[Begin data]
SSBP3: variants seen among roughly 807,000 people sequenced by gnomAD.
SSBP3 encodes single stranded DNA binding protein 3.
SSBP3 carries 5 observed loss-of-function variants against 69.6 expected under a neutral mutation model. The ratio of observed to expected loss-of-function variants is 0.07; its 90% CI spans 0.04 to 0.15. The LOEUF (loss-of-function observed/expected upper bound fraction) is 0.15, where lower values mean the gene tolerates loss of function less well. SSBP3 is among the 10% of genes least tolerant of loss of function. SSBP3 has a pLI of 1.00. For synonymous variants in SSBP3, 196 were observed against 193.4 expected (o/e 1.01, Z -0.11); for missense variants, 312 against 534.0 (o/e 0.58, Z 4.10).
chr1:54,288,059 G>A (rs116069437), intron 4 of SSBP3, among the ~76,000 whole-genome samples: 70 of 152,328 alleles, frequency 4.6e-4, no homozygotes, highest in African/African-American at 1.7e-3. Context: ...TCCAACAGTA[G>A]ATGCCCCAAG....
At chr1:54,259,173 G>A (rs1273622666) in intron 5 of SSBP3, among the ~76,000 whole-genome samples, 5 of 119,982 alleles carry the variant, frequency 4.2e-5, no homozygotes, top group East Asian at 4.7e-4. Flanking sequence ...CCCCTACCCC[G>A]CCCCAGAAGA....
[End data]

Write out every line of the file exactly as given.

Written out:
SSBP3: variants seen among roughly 807,000 people sequenced by gnomAD.
SSBP3 encodes single stranded DNA binding protein 3.
SSBP3 carries 5 observed loss-of-function variants against 69.6 expected under a neutral mutation model. The ratio of observed to expected loss-of-function variants is 0.07; its 90% CI spans 0.04 to 0.15. The LOEUF (loss-of-function observed/expected upper bound fraction) is 0.15, where lower values mean the gene tolerates loss of function less well. SSBP3 is among the 10% of genes least tolerant of loss of function. SSBP3 has a pLI of 1.00. For synonymous variants in SSBP3, 196 were observed against 193.4 expected (o/e 1.01, Z -0.11); for missense variants, 312 against 534.0 (o/e 0.58, Z 4.10).
chr1:54,288,059 G>A (rs116069437), intron 4 of SSBP3, among the ~76,000 whole-genome samples: 70 of 152,328 alleles, frequency 4.6e-4, no homozygotes, highest in African/African-American at 1.7e-3. Context: ...TCCAACAGTA[G>A]ATGCCCCAAG....
At chr1:54,259,173 G>A (rs1273622666) in intron 5 of SSBP3, among the ~76,000 whole-genome samples, 5 of 119,982 alleles carry the variant, frequency 4.2e-5, no homozygotes, top group East Asian at 4.7e-4. Flanking sequence ...CCCCTACCCC[G>A]CCCCAGAAGA....